. Even if you didn't attend this year's con, you can express your dismay at Frenkel's inclusion by emailing the concom: firstname.lastname@example.org
. (ETA: This email address is the one provided on the survey. On Twitter, I was informed by the WisCon38 account that they prefer to receive general feedback at email@example.com .)
Frenkel is not the only problematic guest attending WisCon. Another documented case of harassment
, that perpetrated by FJ Bergmann against Rose Lemberg, has apparently been ignored by WisCon organizers. [see also the references to Bergmann in the "WisCon and Harassment" storify] Perhaps because Bergmann is local and a long-time attendee? Whatever the excuse, because of Bergmann's behavior at WisCon 36 and WisCon's failure to address the matter, Rose Lemberg, an editor, publisher, and author crucial to the new wave of intersectional speculative SFF no longer feels safe attending WisCon. And several of the authors Lemberg has mentored and championed, who could contribute valuable new voices to WisCon, do not feel safe attending, either. What a trade-off we have made! This is another matter to address when you give feedback to WisCon, whether via survey or email.
Other authors and editors who could offer valuable insights to WisCon programming have given up after years of their panel ideas being ignored, misunderstood, or mishandled
. I believe the variety of panels has improved to include more traditionally marginalized voices, but panel assignments still need to be vetted more carefully. For example, why were the "How to Ally" panelists all white, while the moderator was a WoC? Was the "Escaping the Hair Police" panel as representative as it could have been? If you found fault with any panel's composition, be sure to include that info in your feedback.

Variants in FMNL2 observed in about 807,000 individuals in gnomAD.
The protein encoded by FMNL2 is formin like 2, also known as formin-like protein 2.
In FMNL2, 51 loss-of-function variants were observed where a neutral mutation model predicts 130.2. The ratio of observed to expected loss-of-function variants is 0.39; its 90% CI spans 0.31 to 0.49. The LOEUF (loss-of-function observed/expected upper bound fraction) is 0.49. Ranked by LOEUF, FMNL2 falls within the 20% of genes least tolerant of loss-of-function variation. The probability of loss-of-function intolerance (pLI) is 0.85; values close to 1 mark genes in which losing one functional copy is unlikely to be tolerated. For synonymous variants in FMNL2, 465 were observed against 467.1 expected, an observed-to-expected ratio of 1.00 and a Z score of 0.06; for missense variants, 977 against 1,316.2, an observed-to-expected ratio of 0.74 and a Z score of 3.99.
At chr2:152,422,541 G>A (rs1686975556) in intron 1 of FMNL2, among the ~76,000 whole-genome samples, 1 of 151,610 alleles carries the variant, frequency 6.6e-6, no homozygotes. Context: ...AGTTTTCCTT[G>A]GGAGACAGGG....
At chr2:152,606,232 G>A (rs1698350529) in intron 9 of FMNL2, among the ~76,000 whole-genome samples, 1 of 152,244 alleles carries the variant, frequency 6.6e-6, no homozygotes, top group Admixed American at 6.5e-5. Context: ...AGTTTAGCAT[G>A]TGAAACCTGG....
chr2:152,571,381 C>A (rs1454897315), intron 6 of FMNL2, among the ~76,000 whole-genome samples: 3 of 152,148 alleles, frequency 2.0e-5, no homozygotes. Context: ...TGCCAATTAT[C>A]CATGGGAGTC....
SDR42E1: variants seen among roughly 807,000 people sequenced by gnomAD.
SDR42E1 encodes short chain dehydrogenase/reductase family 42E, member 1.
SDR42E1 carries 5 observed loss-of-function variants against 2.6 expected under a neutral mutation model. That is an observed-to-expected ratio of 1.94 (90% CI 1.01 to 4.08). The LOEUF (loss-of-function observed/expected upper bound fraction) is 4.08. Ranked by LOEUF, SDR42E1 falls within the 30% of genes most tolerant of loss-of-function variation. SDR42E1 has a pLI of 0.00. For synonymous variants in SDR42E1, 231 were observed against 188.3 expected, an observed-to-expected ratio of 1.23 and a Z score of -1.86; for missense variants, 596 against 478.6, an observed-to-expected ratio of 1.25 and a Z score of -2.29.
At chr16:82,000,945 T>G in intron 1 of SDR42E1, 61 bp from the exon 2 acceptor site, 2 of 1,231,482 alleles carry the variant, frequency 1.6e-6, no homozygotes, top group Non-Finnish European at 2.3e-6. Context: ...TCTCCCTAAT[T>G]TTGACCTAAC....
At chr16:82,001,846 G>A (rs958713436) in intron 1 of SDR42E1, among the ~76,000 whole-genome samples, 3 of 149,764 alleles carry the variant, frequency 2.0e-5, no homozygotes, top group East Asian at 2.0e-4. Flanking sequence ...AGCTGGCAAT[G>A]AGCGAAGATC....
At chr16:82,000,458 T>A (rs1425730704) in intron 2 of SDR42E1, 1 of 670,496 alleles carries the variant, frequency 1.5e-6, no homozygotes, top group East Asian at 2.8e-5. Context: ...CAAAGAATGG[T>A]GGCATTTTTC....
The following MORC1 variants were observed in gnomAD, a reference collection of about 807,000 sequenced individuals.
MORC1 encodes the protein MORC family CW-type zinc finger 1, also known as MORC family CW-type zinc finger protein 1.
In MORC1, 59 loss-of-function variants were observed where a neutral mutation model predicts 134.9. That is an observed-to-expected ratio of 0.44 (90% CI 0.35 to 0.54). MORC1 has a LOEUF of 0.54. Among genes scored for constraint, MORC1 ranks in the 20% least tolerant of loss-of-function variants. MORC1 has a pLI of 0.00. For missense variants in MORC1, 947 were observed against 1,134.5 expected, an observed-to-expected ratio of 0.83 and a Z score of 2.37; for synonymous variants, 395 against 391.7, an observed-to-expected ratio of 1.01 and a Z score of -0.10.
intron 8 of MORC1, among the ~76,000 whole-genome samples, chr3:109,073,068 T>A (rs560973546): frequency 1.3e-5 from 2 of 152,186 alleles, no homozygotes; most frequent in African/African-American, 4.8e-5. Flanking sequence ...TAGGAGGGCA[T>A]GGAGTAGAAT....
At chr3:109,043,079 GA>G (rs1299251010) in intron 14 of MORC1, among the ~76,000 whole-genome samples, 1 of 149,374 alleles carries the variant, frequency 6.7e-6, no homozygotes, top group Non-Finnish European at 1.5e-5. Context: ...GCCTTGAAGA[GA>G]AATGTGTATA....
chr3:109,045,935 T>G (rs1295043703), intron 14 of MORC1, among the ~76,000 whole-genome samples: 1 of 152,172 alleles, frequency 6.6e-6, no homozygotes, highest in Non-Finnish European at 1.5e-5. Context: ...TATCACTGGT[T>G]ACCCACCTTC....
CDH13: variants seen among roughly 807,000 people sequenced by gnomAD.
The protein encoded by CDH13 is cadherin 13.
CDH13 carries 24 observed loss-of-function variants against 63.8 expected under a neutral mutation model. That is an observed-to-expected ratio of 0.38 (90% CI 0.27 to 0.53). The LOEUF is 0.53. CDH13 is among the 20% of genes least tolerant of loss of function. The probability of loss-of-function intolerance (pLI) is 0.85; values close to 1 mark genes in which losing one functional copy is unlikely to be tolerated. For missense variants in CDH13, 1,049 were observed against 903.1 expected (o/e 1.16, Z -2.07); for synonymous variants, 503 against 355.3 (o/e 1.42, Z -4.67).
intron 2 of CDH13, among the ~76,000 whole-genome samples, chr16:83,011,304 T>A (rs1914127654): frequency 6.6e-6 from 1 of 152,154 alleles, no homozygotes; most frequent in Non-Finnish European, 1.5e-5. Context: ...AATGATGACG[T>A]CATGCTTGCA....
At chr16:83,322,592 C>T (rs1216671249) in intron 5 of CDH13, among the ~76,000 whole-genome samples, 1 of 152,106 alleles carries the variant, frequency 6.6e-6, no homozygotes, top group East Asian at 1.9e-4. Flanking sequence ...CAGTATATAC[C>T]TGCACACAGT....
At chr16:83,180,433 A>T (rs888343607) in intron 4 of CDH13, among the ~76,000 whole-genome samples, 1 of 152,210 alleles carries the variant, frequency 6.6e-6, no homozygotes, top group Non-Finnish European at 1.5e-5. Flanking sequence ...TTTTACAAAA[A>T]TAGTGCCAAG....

I'm told the concom is looking to improve panel assignments, by letting those of us who suggest panels flag ones that need special attention. In the meantime, we can help ensure parity and the best-informed participants by including notes when we suggest panels: "PoC only," "needs non-US participants," "trans person should be on panel," "must be moderated by a WoC," etc. We can also name specific people we'd like to participate, although they are of course not obligated to do so. And if you fall into a traditionally marginalized group, consider volunteering to moderate or sit on panels, if you can. It's easy for folks to burnout if they always have to act as spokesperson.
A few more thoughts for making WisCon different, better, safer for everyone:
Moderators should avoid assuming gender when calling on audience members. Rather than "First the woman in red, the man in the back, then the woman with long hair" the moderator could say "First the person in red, you standing in the back, then the person in the kilt." No one wants to be misgendered, least of all at a con that purports to care about gender and trans* issues. (I was on a panel where the moderator made this mistake, and I felt bad but failed to speak up. I might need to rehearse a quick interjection for that scenario.)
Folks, don't go up to a stranger and ask them if they are "so-and-so." If you're the person asked, it's hard to answer in the negative without feeling like a disappointment. And if you're asking a POC, you give the impression that you think all POC look alike. Instead, introduce yourself, wait for the person to reciprocate, and be prepared to chit-chat whatever their response. And, for goodness sake, do not inquire as to the origin of someone's name or whether it's a family name or married name. Just, no.
And a last request: Many of the folks I've quoted or linked to in this post are DONE and DONE talking about WisCon.
They've said their piece, documented it, and are not up for reopening old wounds. Please be respectful of them.
Don't drag them into these discussions yet again. Instead, learn from what they've already said and fashion new solutions with their experiences in mind.
I really do love WisCon, but I would love it even more if ALL my friends felt safe, welcome, and valued there. We have made progress. We can make more.